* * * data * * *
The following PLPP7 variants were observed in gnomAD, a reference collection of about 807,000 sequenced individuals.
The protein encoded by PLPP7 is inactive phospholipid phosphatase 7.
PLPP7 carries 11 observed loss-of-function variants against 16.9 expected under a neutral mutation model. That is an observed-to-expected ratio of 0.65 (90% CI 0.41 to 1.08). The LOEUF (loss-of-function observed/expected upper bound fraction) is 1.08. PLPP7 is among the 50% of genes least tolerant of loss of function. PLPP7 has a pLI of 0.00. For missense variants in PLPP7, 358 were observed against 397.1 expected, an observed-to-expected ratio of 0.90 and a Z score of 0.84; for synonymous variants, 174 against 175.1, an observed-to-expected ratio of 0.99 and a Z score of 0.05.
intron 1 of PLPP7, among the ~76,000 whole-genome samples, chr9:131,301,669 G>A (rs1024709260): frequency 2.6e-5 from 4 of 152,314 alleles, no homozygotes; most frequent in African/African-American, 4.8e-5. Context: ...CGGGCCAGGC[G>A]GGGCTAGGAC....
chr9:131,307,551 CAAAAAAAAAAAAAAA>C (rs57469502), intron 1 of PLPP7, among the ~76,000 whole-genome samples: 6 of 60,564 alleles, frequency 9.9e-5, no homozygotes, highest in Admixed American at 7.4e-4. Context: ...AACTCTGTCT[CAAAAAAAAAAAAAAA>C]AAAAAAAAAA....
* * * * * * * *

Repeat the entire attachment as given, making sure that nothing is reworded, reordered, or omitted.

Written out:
The following PLPP7 variants were observed in gnomAD, a reference collection of about 807,000 sequenced individuals.
The protein encoded by PLPP7 is inactive phospholipid phosphatase 7.
PLPP7 carries 11 observed loss-of-function variants against 16.9 expected under a neutral mutation model. That is an observed-to-expected ratio of 0.65 (90% CI 0.41 to 1.08). The LOEUF (loss-of-function observed/expected upper bound fraction) is 1.08. PLPP7 is among the 50% of genes least tolerant of loss of function. PLPP7 has a pLI of 0.00. For missense variants in PLPP7, 358 were observed against 397.1 expected, an observed-to-expected ratio of 0.90 and a Z score of 0.84; for synonymous variants, 174 against 175.1, an observed-to-expected ratio of 0.99 and a Z score of 0.05.
intron 1 of PLPP7, among the ~76,000 whole-genome samples, chr9:131,301,669 G>A (rs1024709260): frequency 2.6e-5 from 4 of 152,314 alleles, no homozygotes; most frequent in African/African-American, 4.8e-5. Context: ...CGGGCCAGGC[G>A]GGGCTAGGAC....
chr9:131,307,551 CAAAAAAAAAAAAAAA>C (rs57469502), intron 1 of PLPP7, among the ~76,000 whole-genome samples: 6 of 60,564 alleles, frequency 9.9e-5, no homozygotes, highest in Admixed American at 7.4e-4. Context: ...AACTCTGTCT[CAAAAAAAAAAAAAAA>C]AAAAAAAAAA....